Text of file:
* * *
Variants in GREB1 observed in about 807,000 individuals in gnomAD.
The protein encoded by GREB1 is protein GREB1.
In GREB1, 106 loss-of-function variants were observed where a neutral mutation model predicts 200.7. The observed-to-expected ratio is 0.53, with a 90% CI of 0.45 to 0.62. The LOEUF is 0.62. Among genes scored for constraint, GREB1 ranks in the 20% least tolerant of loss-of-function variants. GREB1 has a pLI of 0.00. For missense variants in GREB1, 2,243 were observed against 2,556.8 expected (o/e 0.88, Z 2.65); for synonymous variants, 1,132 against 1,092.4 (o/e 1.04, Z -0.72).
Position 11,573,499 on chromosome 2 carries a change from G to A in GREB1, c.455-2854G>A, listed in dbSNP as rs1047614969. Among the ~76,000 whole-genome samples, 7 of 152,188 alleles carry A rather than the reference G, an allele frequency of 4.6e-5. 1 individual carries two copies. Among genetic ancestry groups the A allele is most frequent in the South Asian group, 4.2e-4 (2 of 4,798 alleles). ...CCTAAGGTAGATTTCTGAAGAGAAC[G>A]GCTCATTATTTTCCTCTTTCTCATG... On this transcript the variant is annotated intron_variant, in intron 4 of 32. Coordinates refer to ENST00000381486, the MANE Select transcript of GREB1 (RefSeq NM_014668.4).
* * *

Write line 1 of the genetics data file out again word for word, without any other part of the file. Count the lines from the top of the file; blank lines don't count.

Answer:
Variants in GREB1 observed in about 807,000 individuals in gnomAD.